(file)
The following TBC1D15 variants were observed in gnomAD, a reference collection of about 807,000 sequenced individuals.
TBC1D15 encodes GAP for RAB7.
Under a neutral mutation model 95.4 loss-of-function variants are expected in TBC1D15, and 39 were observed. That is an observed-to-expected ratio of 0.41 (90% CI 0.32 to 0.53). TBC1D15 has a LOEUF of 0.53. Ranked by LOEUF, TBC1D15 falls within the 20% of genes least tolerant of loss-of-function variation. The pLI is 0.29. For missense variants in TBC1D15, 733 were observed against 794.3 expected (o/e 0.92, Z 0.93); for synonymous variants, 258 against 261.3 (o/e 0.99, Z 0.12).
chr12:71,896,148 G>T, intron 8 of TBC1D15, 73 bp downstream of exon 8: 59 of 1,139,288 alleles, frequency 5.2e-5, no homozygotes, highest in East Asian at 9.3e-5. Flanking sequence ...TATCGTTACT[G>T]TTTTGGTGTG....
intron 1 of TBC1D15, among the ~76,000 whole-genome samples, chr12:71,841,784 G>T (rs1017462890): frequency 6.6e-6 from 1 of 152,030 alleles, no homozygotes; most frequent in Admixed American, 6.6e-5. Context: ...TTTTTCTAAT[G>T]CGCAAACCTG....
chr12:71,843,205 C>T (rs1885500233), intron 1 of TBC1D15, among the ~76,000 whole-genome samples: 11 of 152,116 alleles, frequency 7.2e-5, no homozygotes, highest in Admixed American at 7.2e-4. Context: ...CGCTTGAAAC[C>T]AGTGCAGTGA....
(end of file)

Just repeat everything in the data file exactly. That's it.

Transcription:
The following TBC1D15 variants were observed in gnomAD, a reference collection of about 807,000 sequenced individuals.
TBC1D15 encodes GAP for RAB7.
Under a neutral mutation model 95.4 loss-of-function variants are expected in TBC1D15, and 39 were observed. That is an observed-to-expected ratio of 0.41 (90% CI 0.32 to 0.53). TBC1D15 has a LOEUF of 0.53. Ranked by LOEUF, TBC1D15 falls within the 20% of genes least tolerant of loss-of-function variation. The pLI is 0.29. For missense variants in TBC1D15, 733 were observed against 794.3 expected (o/e 0.92, Z 0.93); for synonymous variants, 258 against 261.3 (o/e 0.99, Z 0.12).
chr12:71,896,148 G>T, intron 8 of TBC1D15, 73 bp downstream of exon 8: 59 of 1,139,288 alleles, frequency 5.2e-5, no homozygotes, highest in East Asian at 9.3e-5. Flanking sequence ...TATCGTTACT[G>T]TTTTGGTGTG....
intron 1 of TBC1D15, among the ~76,000 whole-genome samples, chr12:71,841,784 G>T (rs1017462890): frequency 6.6e-6 from 1 of 152,030 alleles, no homozygotes; most frequent in Admixed American, 6.6e-5. Context: ...TTTTTCTAAT[G>T]CGCAAACCTG....
chr12:71,843,205 C>T (rs1885500233), intron 1 of TBC1D15, among the ~76,000 whole-genome samples: 11 of 152,116 alleles, frequency 7.2e-5, no homozygotes, highest in Admixed American at 7.2e-4. Context: ...CGCTTGAAAC[C>T]AGTGCAGTGA....